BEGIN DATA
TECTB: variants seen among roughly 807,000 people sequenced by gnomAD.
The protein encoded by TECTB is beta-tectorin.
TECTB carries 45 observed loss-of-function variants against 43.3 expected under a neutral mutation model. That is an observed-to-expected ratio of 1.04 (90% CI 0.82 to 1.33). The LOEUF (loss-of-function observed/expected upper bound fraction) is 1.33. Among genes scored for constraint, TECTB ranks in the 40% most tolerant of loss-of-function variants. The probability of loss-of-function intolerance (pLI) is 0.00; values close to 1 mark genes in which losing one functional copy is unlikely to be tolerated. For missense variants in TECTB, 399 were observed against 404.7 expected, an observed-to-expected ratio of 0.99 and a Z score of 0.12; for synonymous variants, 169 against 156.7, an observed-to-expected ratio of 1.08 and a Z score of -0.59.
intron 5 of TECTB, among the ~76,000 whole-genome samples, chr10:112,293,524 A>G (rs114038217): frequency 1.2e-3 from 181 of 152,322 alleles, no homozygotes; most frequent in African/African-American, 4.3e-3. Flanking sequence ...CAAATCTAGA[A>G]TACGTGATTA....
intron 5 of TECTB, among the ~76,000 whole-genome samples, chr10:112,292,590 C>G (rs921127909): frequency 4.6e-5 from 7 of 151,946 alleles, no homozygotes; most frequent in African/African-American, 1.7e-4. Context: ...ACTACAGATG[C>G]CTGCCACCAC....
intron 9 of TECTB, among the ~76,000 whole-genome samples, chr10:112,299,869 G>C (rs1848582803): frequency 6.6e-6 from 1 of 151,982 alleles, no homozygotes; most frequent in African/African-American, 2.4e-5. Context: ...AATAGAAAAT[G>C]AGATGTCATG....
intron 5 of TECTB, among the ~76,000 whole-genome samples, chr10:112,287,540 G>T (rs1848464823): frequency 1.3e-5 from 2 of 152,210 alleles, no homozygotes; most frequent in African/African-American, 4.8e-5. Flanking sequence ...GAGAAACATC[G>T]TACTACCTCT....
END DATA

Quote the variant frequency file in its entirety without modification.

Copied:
TECTB: variants seen among roughly 807,000 people sequenced by gnomAD.
The protein encoded by TECTB is beta-tectorin.
TECTB carries 45 observed loss-of-function variants against 43.3 expected under a neutral mutation model. That is an observed-to-expected ratio of 1.04 (90% CI 0.82 to 1.33). The LOEUF (loss-of-function observed/expected upper bound fraction) is 1.33. Among genes scored for constraint, TECTB ranks in the 40% most tolerant of loss-of-function variants. The probability of loss-of-function intolerance (pLI) is 0.00; values close to 1 mark genes in which losing one functional copy is unlikely to be tolerated. For missense variants in TECTB, 399 were observed against 404.7 expected, an observed-to-expected ratio of 0.99 and a Z score of 0.12; for synonymous variants, 169 against 156.7, an observed-to-expected ratio of 1.08 and a Z score of -0.59.
intron 5 of TECTB, among the ~76,000 whole-genome samples, chr10:112,293,524 A>G (rs114038217): frequency 1.2e-3 from 181 of 152,322 alleles, no homozygotes; most frequent in African/African-American, 4.3e-3. Flanking sequence ...CAAATCTAGA[A>G]TACGTGATTA....
intron 5 of TECTB, among the ~76,000 whole-genome samples, chr10:112,292,590 C>G (rs921127909): frequency 4.6e-5 from 7 of 151,946 alleles, no homozygotes; most frequent in African/African-American, 1.7e-4. Context: ...ACTACAGATG[C>G]CTGCCACCAC....
intron 9 of TECTB, among the ~76,000 whole-genome samples, chr10:112,299,869 G>C (rs1848582803): frequency 6.6e-6 from 1 of 151,982 alleles, no homozygotes; most frequent in African/African-American, 2.4e-5. Context: ...AATAGAAAAT[G>C]AGATGTCATG....
intron 5 of TECTB, among the ~76,000 whole-genome samples, chr10:112,287,540 G>T (rs1848464823): frequency 1.3e-5 from 2 of 152,210 alleles, no homozygotes; most frequent in African/African-American, 4.8e-5. Flanking sequence ...GAGAAACATC[G>T]TACTACCTCT....